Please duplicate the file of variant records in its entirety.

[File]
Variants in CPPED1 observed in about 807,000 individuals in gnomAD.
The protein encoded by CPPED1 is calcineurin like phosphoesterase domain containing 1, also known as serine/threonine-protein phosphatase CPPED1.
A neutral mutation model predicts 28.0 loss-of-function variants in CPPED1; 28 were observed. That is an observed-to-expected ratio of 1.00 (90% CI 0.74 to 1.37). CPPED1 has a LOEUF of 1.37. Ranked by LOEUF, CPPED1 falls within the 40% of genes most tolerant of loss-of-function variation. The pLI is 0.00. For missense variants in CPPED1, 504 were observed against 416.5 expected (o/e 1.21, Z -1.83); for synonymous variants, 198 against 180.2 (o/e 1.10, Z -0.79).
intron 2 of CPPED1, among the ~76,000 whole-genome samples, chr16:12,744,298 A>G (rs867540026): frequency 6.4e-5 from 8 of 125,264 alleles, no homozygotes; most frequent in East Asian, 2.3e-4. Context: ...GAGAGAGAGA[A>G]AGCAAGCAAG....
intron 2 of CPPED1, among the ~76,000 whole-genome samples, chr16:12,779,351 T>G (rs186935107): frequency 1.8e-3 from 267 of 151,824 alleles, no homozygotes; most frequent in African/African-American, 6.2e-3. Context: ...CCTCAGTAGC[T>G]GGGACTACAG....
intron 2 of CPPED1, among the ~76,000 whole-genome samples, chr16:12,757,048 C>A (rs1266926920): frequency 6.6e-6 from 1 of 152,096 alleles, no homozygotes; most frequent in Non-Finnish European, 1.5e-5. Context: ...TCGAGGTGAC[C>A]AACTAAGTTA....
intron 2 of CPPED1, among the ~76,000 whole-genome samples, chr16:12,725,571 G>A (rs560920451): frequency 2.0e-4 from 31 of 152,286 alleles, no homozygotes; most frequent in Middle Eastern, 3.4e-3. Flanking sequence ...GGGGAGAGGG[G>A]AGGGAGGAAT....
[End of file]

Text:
Variants in CPPED1 observed in about 807,000 individuals in gnomAD.
The protein encoded by CPPED1 is calcineurin like phosphoesterase domain containing 1, also known as serine/threonine-protein phosphatase CPPED1.
A neutral mutation model predicts 28.0 loss-of-function variants in CPPED1; 28 were observed. That is an observed-to-expected ratio of 1.00 (90% CI 0.74 to 1.37). CPPED1 has a LOEUF of 1.37. Ranked by LOEUF, CPPED1 falls within the 40% of genes most tolerant of loss-of-function variation. The pLI is 0.00. For missense variants in CPPED1, 504 were observed against 416.5 expected (o/e 1.21, Z -1.83); for synonymous variants, 198 against 180.2 (o/e 1.10, Z -0.79).
intron 2 of CPPED1, among the ~76,000 whole-genome samples, chr16:12,744,298 A>G (rs867540026): frequency 6.4e-5 from 8 of 125,264 alleles, no homozygotes; most frequent in East Asian, 2.3e-4. Context: ...GAGAGAGAGA[A>G]AGCAAGCAAG....
intron 2 of CPPED1, among the ~76,000 whole-genome samples, chr16:12,779,351 T>G (rs186935107): frequency 1.8e-3 from 267 of 151,824 alleles, no homozygotes; most frequent in African/African-American, 6.2e-3. Context: ...CCTCAGTAGC[T>G]GGGACTACAG....
intron 2 of CPPED1, among the ~76,000 whole-genome samples, chr16:12,757,048 C>A (rs1266926920): frequency 6.6e-6 from 1 of 152,096 alleles, no homozygotes; most frequent in Non-Finnish European, 1.5e-5. Context: ...TCGAGGTGAC[C>A]AACTAAGTTA....
intron 2 of CPPED1, among the ~76,000 whole-genome samples, chr16:12,725,571 G>A (rs560920451): frequency 2.0e-4 from 31 of 152,286 alleles, no homozygotes; most frequent in Middle Eastern, 3.4e-3. Flanking sequence ...GGGGAGAGGG[G>A]AGGGAGGAAT....